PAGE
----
The 2008 Democratic convention was supposed to be different from the past in two critical ways -- other than the spirit of the defeated candidate hovering over the it like a political Loki, stirring up mischief. Remember: New ethics rules passed by the Democratic Congress were going to strictly curtail the fancy, filet-mignon-studded convention parties and the convention was going to go green and healthy.

Political-conventioneering experts worried that the Democrats' ethical restraints and green goals could mean the end of the party convention's food traditions as we knew them: In a TNR piece I wrote last fall, ethics lawyer Ken Gross lamented the likely fall of the conventions' traditional, sumptuous bagel breakfasts at the hands of the nothing-but-hors-d'oeuvres-at-parties ethics rule; "once you put tuna fish on the bagel, it becomes a sandwich," he explained. And to keep Denver green and nutritious, the DNC issued guidelines requesting that event hosts use 70% organic or local ingredients, nix grease, and use pitchers instead of water bottles. Some restaurants bid to become "Lean 'N' Green" certified; other party hosts just canceled their bashes in the face of the green price tag.

As with any promise to clean up one's act, though, some of this is just for p.r. Are the slogans just slogans, or is it possible to eat one's way through this whole convention in an ethically approved and green way? Just for fun (note: this is in no way a scientific examination of the convention's virtue goals), I'm going to try. For the rest of the convention, I'll try only to eat according to the congressional ethics rules or DNC green guidelines: The ethics guidelines essentially mandate that food eaten at a corporate-underwritten party or reception has to be finger food, no sandwiches or sit-down dinners using real plates; you can eat your meatballs, but with a toothpick and not on a bun. On the green side, there are two lists of DNC- and state of Colorado-approved restaurants that serve special green, healthy meals.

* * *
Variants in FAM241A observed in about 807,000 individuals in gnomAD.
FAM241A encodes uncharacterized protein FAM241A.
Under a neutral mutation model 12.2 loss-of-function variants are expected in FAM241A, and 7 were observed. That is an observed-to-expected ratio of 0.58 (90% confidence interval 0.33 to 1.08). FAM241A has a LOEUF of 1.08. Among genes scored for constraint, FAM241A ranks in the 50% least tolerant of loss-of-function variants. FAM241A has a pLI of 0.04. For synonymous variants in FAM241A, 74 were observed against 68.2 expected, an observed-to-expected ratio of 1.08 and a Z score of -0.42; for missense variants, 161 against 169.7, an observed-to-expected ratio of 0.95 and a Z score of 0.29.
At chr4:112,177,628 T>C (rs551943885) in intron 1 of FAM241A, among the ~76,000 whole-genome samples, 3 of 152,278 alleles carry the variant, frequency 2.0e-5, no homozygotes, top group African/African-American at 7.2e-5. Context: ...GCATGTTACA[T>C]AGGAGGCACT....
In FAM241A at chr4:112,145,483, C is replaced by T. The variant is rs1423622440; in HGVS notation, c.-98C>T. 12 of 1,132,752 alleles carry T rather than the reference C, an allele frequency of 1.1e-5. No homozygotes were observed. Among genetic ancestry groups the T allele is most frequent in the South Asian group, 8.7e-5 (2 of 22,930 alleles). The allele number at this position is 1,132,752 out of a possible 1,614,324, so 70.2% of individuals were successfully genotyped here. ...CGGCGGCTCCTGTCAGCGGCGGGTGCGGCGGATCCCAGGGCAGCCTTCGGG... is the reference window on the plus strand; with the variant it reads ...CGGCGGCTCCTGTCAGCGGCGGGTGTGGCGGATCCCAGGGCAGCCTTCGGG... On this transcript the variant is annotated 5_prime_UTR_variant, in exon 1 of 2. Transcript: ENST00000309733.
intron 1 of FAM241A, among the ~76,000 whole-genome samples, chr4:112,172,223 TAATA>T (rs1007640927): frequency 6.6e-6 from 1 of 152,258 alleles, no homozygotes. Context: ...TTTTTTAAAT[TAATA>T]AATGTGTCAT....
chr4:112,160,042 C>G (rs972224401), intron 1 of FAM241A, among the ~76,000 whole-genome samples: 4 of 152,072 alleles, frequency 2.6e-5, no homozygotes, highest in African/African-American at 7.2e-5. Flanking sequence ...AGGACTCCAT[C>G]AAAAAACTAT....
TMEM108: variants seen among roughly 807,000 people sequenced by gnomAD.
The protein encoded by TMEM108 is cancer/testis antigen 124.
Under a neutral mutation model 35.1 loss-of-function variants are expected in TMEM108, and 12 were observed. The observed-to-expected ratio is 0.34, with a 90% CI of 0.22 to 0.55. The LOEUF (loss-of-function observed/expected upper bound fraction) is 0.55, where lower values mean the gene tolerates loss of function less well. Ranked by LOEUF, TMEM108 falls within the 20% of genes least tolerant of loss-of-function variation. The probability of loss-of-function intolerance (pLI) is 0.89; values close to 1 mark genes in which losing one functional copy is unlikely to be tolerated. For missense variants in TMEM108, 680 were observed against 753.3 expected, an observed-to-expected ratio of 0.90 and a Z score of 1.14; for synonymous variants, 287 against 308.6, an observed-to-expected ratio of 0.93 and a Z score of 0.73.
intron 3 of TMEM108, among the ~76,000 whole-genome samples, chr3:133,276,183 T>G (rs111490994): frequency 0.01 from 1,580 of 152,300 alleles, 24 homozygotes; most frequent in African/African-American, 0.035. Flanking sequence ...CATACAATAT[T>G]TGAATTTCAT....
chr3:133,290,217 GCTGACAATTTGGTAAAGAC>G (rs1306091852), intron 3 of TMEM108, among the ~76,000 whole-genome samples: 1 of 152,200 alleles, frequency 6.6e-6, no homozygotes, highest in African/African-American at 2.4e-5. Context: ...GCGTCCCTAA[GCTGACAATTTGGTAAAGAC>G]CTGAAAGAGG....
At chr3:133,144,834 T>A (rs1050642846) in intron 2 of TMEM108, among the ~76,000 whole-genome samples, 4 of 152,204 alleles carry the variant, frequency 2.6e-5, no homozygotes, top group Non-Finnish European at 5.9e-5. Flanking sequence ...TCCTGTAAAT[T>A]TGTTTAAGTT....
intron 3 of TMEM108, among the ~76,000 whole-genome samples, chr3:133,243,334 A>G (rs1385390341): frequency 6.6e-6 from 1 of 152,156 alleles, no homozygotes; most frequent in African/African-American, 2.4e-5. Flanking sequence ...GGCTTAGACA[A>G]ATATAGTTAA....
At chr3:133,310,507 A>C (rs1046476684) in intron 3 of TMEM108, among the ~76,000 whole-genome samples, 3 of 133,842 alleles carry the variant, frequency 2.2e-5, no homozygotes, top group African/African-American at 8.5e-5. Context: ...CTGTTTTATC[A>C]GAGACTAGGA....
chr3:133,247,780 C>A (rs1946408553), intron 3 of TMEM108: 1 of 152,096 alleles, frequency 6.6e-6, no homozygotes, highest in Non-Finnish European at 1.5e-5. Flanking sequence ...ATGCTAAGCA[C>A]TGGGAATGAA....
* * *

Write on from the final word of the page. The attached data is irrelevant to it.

Oddly, the invitation to go green and healthy seems to especially attract restaurants that might otherwise be considered health travesties. Combating their reputations, I guess. Lunch today was at the Delectable Egg -- a downtown place advertised in my DNC-provided info packets as offering recommended "Smart Meal Seal" options -- that turned out to be a sort of locally-grown International House of Pancakes, specializing in dishes like as "Ken's Croissant Scramble," a butter croissant with ham, bacon, sausage, spinach, onions, and eggs topped with hollandaise, scallions, and melted cheddar. Who knows whether it was the bacon or the hollandaise or the cheddar that kept Ken's Scramble from making the Smart Meal grade, but I went with the specially approved French toast, dipped only in apple juice and egg whites. It tasted soft, like the kind of pond-soaked bread ducks eat in parks. Thankfully, unlimited syrup was OK.

--Eve Fairbanks